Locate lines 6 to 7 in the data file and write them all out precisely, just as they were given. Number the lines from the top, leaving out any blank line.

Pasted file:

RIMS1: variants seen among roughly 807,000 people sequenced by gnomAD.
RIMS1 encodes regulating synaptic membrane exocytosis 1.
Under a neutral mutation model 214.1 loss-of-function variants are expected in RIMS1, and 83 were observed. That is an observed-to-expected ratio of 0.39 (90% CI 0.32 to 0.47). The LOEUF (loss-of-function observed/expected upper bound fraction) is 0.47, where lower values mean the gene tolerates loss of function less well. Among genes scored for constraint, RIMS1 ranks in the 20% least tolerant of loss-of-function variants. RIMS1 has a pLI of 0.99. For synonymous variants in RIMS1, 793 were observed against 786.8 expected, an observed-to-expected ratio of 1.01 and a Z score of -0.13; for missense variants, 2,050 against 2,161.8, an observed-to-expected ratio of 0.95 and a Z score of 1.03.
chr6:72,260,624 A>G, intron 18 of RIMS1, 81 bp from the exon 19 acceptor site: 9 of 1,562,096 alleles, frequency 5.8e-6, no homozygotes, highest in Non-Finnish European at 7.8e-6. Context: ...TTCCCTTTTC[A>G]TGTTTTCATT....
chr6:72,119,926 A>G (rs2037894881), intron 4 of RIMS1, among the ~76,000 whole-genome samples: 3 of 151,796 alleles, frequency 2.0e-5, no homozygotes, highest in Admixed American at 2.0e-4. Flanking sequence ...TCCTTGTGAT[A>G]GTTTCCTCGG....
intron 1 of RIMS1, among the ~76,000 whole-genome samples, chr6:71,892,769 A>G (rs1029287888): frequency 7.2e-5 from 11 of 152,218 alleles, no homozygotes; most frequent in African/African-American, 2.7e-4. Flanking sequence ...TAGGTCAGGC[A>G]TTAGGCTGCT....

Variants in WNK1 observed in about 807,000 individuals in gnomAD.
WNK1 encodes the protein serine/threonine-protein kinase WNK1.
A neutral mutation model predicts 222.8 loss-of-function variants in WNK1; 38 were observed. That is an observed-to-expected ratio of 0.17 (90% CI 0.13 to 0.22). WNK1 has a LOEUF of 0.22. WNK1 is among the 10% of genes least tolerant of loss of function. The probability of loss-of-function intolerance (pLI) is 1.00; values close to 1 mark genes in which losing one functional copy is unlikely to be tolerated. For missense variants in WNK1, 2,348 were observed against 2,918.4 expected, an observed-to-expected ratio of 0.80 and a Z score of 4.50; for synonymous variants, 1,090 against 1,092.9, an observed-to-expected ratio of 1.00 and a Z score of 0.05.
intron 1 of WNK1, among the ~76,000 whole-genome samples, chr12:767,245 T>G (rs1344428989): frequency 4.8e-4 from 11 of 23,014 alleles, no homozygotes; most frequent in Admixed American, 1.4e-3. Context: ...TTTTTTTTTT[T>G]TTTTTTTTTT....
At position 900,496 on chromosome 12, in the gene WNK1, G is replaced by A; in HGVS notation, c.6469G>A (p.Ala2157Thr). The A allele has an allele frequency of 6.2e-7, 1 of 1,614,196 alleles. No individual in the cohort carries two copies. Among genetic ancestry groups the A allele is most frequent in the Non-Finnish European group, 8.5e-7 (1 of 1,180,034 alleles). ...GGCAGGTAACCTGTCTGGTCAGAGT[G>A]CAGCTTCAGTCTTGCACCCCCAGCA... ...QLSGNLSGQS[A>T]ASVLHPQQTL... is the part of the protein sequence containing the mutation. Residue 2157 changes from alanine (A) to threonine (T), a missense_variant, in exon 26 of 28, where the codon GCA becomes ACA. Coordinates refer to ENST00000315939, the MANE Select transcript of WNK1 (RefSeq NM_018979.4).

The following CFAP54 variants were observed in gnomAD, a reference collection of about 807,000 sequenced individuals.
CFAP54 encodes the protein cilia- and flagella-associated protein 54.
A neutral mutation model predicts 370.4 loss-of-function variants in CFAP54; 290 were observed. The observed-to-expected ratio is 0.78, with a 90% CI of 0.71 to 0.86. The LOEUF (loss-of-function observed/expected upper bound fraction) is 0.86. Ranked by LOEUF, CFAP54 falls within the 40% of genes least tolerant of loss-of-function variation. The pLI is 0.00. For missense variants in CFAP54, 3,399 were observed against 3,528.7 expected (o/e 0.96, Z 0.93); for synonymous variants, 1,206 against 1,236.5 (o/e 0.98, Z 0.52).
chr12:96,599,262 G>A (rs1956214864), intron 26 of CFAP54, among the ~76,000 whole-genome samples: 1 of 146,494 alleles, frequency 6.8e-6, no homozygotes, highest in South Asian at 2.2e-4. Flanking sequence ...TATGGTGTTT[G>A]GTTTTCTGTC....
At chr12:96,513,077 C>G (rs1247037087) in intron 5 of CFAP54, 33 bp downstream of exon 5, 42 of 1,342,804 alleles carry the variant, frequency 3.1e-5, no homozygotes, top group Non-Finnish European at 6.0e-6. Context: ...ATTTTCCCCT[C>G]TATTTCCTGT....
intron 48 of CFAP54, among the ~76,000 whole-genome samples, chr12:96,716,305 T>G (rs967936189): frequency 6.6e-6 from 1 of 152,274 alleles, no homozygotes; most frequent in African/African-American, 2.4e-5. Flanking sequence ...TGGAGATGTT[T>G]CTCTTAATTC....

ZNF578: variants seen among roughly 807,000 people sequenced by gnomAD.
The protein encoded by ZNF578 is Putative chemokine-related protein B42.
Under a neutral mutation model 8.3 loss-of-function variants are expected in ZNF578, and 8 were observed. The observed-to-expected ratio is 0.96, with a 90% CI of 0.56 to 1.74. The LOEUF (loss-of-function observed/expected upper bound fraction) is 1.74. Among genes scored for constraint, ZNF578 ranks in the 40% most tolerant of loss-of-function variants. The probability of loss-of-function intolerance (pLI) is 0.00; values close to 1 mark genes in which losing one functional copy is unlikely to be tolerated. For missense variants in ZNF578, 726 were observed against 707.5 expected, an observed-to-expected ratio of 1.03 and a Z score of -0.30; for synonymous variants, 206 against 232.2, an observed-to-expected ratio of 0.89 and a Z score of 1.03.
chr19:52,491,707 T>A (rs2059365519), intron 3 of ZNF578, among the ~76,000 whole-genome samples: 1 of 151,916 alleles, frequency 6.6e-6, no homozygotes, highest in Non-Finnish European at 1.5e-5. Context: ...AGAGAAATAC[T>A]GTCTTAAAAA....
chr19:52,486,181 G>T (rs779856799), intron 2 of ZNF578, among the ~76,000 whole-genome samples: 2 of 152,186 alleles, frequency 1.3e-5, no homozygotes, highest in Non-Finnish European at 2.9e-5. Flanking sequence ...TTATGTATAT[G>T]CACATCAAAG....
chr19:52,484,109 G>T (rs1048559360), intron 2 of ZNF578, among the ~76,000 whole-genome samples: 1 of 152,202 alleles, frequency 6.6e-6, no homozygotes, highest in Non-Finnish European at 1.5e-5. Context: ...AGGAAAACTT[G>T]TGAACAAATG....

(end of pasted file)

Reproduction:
intron 1 of RIMS1, among the ~76,000 whole-genome samples, chr6:71,892,769 A>G (rs1029287888): frequency 7.2e-5 from 11 of 152,218 alleles, no homozygotes; most frequent in African/African-American, 2.7e-4. Flanking sequence ...TAGGTCAGGC[A>G]TTAGGCTGCT....

Variants in WNK1 observed in about 807,000 individuals in gnomAD.